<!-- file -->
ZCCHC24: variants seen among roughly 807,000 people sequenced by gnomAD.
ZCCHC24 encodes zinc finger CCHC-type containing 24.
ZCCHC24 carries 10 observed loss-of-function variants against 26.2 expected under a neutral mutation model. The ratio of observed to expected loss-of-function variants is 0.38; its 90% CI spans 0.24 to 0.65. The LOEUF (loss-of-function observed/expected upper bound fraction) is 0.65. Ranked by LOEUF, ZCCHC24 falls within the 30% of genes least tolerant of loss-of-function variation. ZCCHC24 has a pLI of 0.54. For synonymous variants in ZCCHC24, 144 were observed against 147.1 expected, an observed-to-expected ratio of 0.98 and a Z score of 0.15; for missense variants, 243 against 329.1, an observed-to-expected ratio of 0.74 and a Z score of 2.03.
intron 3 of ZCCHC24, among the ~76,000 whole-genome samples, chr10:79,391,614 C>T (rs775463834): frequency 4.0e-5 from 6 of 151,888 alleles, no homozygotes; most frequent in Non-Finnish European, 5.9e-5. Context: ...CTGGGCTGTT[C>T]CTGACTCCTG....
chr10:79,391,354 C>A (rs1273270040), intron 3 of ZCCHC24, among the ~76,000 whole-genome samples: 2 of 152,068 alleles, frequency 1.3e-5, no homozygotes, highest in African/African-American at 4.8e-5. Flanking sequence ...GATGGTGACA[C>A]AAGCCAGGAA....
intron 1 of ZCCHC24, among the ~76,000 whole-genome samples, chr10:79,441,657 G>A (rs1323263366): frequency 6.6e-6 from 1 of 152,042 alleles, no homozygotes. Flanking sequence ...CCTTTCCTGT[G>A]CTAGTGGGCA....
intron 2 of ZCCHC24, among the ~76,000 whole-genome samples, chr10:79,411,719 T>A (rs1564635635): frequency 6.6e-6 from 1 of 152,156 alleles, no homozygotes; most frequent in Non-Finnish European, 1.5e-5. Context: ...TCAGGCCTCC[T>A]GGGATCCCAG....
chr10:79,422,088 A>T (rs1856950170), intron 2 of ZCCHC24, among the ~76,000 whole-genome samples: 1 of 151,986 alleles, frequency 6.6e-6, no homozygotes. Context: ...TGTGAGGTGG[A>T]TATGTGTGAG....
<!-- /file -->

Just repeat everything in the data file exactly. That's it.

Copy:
ZCCHC24: variants seen among roughly 807,000 people sequenced by gnomAD.
ZCCHC24 encodes zinc finger CCHC-type containing 24.
ZCCHC24 carries 10 observed loss-of-function variants against 26.2 expected under a neutral mutation model. The ratio of observed to expected loss-of-function variants is 0.38; its 90% CI spans 0.24 to 0.65. The LOEUF (loss-of-function observed/expected upper bound fraction) is 0.65. Ranked by LOEUF, ZCCHC24 falls within the 30% of genes least tolerant of loss-of-function variation. ZCCHC24 has a pLI of 0.54. For synonymous variants in ZCCHC24, 144 were observed against 147.1 expected, an observed-to-expected ratio of 0.98 and a Z score of 0.15; for missense variants, 243 against 329.1, an observed-to-expected ratio of 0.74 and a Z score of 2.03.
intron 3 of ZCCHC24, among the ~76,000 whole-genome samples, chr10:79,391,614 C>T (rs775463834): frequency 4.0e-5 from 6 of 151,888 alleles, no homozygotes; most frequent in Non-Finnish European, 5.9e-5. Context: ...CTGGGCTGTT[C>T]CTGACTCCTG....
chr10:79,391,354 C>A (rs1273270040), intron 3 of ZCCHC24, among the ~76,000 whole-genome samples: 2 of 152,068 alleles, frequency 1.3e-5, no homozygotes, highest in African/African-American at 4.8e-5. Flanking sequence ...GATGGTGACA[C>A]AAGCCAGGAA....
intron 1 of ZCCHC24, among the ~76,000 whole-genome samples, chr10:79,441,657 G>A (rs1323263366): frequency 6.6e-6 from 1 of 152,042 alleles, no homozygotes. Flanking sequence ...CCTTTCCTGT[G>A]CTAGTGGGCA....
intron 2 of ZCCHC24, among the ~76,000 whole-genome samples, chr10:79,411,719 T>A (rs1564635635): frequency 6.6e-6 from 1 of 152,156 alleles, no homozygotes; most frequent in Non-Finnish European, 1.5e-5. Context: ...TCAGGCCTCC[T>A]GGGATCCCAG....
chr10:79,422,088 A>T (rs1856950170), intron 2 of ZCCHC24, among the ~76,000 whole-genome samples: 1 of 151,986 alleles, frequency 6.6e-6, no homozygotes. Context: ...TGTGAGGTGG[A>T]TATGTGTGAG....